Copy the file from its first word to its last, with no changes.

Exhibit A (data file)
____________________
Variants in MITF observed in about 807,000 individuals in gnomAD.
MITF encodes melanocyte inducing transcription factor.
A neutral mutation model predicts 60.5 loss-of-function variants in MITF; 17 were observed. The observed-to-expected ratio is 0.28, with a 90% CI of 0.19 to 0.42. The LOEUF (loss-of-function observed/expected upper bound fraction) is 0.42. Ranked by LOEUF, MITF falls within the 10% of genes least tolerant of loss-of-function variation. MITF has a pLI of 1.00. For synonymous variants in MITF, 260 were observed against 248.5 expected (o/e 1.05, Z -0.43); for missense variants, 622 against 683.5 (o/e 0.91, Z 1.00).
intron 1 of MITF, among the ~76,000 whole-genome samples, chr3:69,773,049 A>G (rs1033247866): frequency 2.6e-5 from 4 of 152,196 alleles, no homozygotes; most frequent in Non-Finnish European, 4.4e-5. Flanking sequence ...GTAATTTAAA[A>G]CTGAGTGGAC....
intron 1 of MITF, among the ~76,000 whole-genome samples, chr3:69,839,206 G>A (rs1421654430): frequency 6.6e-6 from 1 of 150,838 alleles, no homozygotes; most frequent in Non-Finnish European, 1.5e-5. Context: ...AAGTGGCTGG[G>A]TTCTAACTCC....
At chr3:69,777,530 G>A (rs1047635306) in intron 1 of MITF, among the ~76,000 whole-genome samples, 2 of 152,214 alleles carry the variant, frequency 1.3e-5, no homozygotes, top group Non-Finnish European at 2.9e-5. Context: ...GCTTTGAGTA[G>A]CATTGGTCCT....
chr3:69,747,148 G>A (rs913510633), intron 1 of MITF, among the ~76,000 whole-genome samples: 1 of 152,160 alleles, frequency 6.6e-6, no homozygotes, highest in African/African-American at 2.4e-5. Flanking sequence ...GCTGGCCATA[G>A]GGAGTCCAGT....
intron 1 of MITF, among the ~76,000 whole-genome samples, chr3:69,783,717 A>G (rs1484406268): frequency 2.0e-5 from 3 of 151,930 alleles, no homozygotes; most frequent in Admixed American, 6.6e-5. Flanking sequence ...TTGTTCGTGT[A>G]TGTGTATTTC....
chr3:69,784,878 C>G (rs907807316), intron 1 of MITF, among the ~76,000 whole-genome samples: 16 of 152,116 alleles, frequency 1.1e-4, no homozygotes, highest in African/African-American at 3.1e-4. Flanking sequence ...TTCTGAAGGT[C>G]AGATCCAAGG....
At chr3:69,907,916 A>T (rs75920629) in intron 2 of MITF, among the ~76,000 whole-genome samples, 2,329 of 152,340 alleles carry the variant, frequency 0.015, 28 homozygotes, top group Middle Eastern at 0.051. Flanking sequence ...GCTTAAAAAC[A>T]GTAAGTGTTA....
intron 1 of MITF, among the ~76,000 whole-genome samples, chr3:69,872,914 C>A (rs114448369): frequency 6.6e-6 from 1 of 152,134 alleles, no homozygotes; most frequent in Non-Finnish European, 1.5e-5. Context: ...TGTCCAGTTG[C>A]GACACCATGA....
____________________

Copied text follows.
Variants in MITF observed in about 807,000 individuals in gnomAD.
MITF encodes melanocyte inducing transcription factor.
A neutral mutation model predicts 60.5 loss-of-function variants in MITF; 17 were observed. The observed-to-expected ratio is 0.28, with a 90% CI of 0.19 to 0.42. The LOEUF (loss-of-function observed/expected upper bound fraction) is 0.42. Ranked by LOEUF, MITF falls within the 10% of genes least tolerant of loss-of-function variation. MITF has a pLI of 1.00. For synonymous variants in MITF, 260 were observed against 248.5 expected (o/e 1.05, Z -0.43); for missense variants, 622 against 683.5 (o/e 0.91, Z 1.00).
intron 1 of MITF, among the ~76,000 whole-genome samples, chr3:69,773,049 A>G (rs1033247866): frequency 2.6e-5 from 4 of 152,196 alleles, no homozygotes; most frequent in Non-Finnish European, 4.4e-5. Flanking sequence ...GTAATTTAAA[A>G]CTGAGTGGAC....
intron 1 of MITF, among the ~76,000 whole-genome samples, chr3:69,839,206 G>A (rs1421654430): frequency 6.6e-6 from 1 of 150,838 alleles, no homozygotes; most frequent in Non-Finnish European, 1.5e-5. Context: ...AAGTGGCTGG[G>A]TTCTAACTCC....
At chr3:69,777,530 G>A (rs1047635306) in intron 1 of MITF, among the ~76,000 whole-genome samples, 2 of 152,214 alleles carry the variant, frequency 1.3e-5, no homozygotes, top group Non-Finnish European at 2.9e-5. Context: ...GCTTTGAGTA[G>A]CATTGGTCCT....
chr3:69,747,148 G>A (rs913510633), intron 1 of MITF, among the ~76,000 whole-genome samples: 1 of 152,160 alleles, frequency 6.6e-6, no homozygotes, highest in African/African-American at 2.4e-5. Flanking sequence ...GCTGGCCATA[G>A]GGAGTCCAGT....
intron 1 of MITF, among the ~76,000 whole-genome samples, chr3:69,783,717 A>G (rs1484406268): frequency 2.0e-5 from 3 of 151,930 alleles, no homozygotes; most frequent in Admixed American, 6.6e-5. Flanking sequence ...TTGTTCGTGT[A>G]TGTGTATTTC....
chr3:69,784,878 C>G (rs907807316), intron 1 of MITF, among the ~76,000 whole-genome samples: 16 of 152,116 alleles, frequency 1.1e-4, no homozygotes, highest in African/African-American at 3.1e-4. Flanking sequence ...TTCTGAAGGT[C>G]AGATCCAAGG....
At chr3:69,907,916 A>T (rs75920629) in intron 2 of MITF, among the ~76,000 whole-genome samples, 2,329 of 152,340 alleles carry the variant, frequency 0.015, 28 homozygotes, top group Middle Eastern at 0.051. Flanking sequence ...GCTTAAAAAC[A>T]GTAAGTGTTA....
intron 1 of MITF, among the ~76,000 whole-genome samples, chr3:69,872,914 C>A (rs114448369): frequency 6.6e-6 from 1 of 152,134 alleles, no homozygotes; most frequent in Non-Finnish European, 1.5e-5. Context: ...TGTCCAGTTG[C>A]GACACCATGA....